Tuesday, August 23, 2011

the dividing line

It occured to me tonight how grateful I am that my parents moved last year, just down the road from the university I attended.

I wanted to get out of the house tonight, to just enjoy this place.  The town where I went to school isn't small, but it really isn't overgrown, either.  It isn't a proper suburb, overrun by everything corporate.  For all that I am a capitalist, my heart gravitates toward the provincial, the old-fashioned, the unique.  I went to a huge university that happens to be tucked in a town that provides all of that.

So Randy and I went to my favorite bookstore (well, my favorite that doesn't belong to Larry McMurtry).  It is an old opera house on the Denton courthouse square - a beautiful, rambling place that smells like history and books, just the kind of place you imagine in a university town.  This place has secret corners and corridors and one of the best collections of certain kinds of history books (tonight we discovered a set of first-edition publications of the Nuremburg trial papers - um, whoa).  I used to go there while I was at school, with one or two friends, and we would go to the basement where they keep the Texana collection and sit on the floor reading, and come home with one or two musty-smelling tomes on obscure politicians or somesuch nonsense.

The courthouse square was lit up as always with white lights.  If it hadn't been 102 outside (according to the Denton Area Teachers' Credit Union sign), it might have felt like Christmas.  The courthouse was built in the 1880s and is still in use for the commissioners court.  And on the lawn, there were couples talking on blankets, having inexpensive college-era dates.  The fall semester of classes begins this week and the shops that were still open were full of wide-eyed freshmen getting to know the town for the first time, and wise upper classmen coming back for their first taste after a summer away.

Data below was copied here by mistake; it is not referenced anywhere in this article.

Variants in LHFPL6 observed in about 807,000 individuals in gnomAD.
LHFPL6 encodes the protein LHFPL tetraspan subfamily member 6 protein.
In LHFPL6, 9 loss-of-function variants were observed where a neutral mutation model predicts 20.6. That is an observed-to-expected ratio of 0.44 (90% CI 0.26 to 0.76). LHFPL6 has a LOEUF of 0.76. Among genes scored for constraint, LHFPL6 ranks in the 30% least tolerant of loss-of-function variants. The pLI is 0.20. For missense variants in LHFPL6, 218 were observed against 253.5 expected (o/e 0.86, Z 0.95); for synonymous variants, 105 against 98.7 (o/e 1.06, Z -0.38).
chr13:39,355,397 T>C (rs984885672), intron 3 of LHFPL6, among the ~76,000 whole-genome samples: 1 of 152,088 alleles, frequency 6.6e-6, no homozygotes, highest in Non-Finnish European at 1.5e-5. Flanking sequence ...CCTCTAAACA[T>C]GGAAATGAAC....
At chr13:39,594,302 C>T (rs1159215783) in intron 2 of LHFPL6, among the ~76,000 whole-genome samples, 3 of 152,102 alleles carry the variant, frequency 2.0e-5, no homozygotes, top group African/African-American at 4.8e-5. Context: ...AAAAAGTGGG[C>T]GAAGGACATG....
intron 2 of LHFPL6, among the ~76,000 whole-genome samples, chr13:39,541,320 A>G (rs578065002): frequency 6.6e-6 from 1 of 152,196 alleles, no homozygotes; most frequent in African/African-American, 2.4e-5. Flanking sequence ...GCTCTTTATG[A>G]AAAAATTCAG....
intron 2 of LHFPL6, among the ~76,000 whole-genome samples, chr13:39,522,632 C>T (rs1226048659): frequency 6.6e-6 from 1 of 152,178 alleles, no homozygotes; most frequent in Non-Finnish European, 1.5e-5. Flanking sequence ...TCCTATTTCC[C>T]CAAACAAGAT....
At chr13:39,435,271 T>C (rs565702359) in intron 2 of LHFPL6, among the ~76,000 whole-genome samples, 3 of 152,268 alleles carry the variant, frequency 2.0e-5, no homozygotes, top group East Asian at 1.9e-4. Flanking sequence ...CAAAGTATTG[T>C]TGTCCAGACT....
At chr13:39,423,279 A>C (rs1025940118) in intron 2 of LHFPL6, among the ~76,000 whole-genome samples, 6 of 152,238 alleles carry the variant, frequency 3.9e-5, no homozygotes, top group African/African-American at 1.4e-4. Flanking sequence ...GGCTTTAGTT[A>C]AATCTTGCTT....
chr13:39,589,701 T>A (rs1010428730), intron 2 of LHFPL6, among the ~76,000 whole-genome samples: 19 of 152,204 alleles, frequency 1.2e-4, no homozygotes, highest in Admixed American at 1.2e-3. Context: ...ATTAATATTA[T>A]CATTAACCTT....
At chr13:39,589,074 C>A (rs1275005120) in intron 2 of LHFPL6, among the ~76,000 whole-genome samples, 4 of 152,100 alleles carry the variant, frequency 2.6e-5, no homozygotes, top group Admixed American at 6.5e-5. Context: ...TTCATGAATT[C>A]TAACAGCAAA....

We walked around the square, window-shopping at the antique shops that close much earlier in the evening, and headed to the old-fashioned ice cream shop that is a positive staple of life in Denton.  It was a busy evening, but you can't go to the square and not stop in this place, with the heavy, sugary smells and the hiss of the waffle irons making fresh cones.  We sat at the counter and marveled how, despite the noise and press of college kids on a seeming field trip, the place had the feel of 1905.  You almost want to order a phosphate (which they sell) or look for the kid who played a young George Bailey putting sprinkles on a glass of chocolate ice cream.

It was a most necessary adventure, however mundane.  I had to be reminded that I made it to adulthood.  This city is full of memories I made without my family, the place I came to live on my own for the first time.  Being here at home, surrounded by my sisters and my brother and my dad and my mother's ghost, makes me feel too young.  I feel uncomfortable after awhile, like I never left and everything that came after childhood was a dream.  It helps to have Randy with me; it helps even more to have tangible things with which I am familiar.  This place has changed, but there is the storage unit my friends and I rented to make our homecoming entry; there's the bar where we celebrated so-and-so's 21st birthday; there's the apartment complex where the girls lived and we plotted revolution the way naive kids in their 20s might; here's the Whataburger we went to after the radio show.

It wasn't all a dream.

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